Cheek dimples are natural indentations some people have when they smile. Although some people have them naturally when they are not smiling and they merely become deeper when they do. The aesthetics of cheek dimples are personal, some like them and want them placed and a few others have them wand want them reduced/removed.
The anatomic basis of cheek dimples has been shown to be a defect or diastasis in the muscle layer between the skin and the buccal mucosal lining of the mouth. This is demonstrated by how a dimple deepens when one smiles. Depending upon the location on the cheek, this could involve the zygomaticus or buccinator facial muscles. Although this does not fully explain why one can have a cheek dimple without any facial animation, indicating that there must be a fat defect as well in some patients.
The surgical creation of a cheek dimple, often called a cheek dimpleplasty, does not have a standard technique. It is still a relatively uncommon procedure done by just a few plastic surgeons. How to effectively create a cheek dimple, and then have it maintained, varies amongst different surgeons.
In the March 2014 issue of the Annals of Plastic Surgery, an article entitled ‘Transoral Buccinator-Pexy (TBP)’ was published that details out a method of creating cheek dimples. In this method, the cheek dimple point is marked out about 2 cms above the corner of the mouth on its course to the lateral canthus. Under local anesthesia, a needle is passed through the skin and into the mouth through the buccal mucosa. The key manuever is to avoid the location and course of the parotid duct. Using the needle as a guide, a tissue punch is used to remove a piece of buccal mucosa down to the muscle. The needle is then used to thread a suture back out to the skin, the needle is removed, a bite of the dermis is taken and the suture passed back into the mouth where it is tied down to create the desired depth of the dimple. Their series of patients had successful results with no complications. As is common the cheek dimples because less pronounced as the swelling subsided and only appeared with smiling.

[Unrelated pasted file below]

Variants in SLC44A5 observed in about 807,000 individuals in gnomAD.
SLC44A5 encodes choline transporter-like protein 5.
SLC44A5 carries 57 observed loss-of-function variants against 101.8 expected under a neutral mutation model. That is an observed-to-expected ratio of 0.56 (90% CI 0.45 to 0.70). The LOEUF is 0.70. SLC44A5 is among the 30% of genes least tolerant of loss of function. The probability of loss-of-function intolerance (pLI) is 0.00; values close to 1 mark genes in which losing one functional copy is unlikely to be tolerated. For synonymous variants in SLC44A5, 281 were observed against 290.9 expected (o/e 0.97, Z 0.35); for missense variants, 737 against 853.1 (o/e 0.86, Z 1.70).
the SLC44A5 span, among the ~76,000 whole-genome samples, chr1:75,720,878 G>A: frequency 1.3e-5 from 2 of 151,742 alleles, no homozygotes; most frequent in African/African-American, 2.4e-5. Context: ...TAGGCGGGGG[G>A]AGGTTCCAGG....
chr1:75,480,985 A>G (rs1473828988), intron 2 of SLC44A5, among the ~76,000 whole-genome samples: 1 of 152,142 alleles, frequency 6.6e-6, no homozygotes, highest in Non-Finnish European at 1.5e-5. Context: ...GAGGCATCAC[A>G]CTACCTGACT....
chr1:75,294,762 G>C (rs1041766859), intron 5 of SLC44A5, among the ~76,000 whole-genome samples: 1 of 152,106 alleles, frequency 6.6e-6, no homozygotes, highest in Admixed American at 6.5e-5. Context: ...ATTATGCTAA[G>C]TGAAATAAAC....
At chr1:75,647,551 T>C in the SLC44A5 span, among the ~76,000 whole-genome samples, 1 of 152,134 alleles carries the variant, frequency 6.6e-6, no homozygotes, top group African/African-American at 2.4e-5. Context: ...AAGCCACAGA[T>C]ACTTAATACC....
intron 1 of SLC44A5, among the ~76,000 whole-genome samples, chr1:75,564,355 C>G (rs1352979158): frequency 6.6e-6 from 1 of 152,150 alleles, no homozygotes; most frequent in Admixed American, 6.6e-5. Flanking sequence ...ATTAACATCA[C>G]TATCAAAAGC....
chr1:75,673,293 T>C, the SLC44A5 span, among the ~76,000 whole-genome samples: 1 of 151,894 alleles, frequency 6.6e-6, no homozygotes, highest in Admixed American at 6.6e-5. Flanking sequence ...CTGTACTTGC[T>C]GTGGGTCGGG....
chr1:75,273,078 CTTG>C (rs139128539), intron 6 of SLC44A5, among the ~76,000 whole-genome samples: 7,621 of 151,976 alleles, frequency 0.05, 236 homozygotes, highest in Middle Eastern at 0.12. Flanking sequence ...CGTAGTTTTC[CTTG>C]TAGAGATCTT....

The authors chose to call their cheek dimple procedure a transoral buccinator-pexy, which is an anatomic description of what is actually done. This technique is remarkably similar to the cheek dimple creation technique that I have evolved to over the years. I still refrain from using a permanent suture having had a few infections and extrusions from a permanent suture. This is a risk when a permanent suture is placed into the dermis of the skin. I have found good success even using a 4-0 plain suture on a straight needle.
Regardless of these suture nuances, this technique of cheek dimpleplasty is a very safe and effective one that can be done successfully under local anesthesia.
Dr. Barry Eppley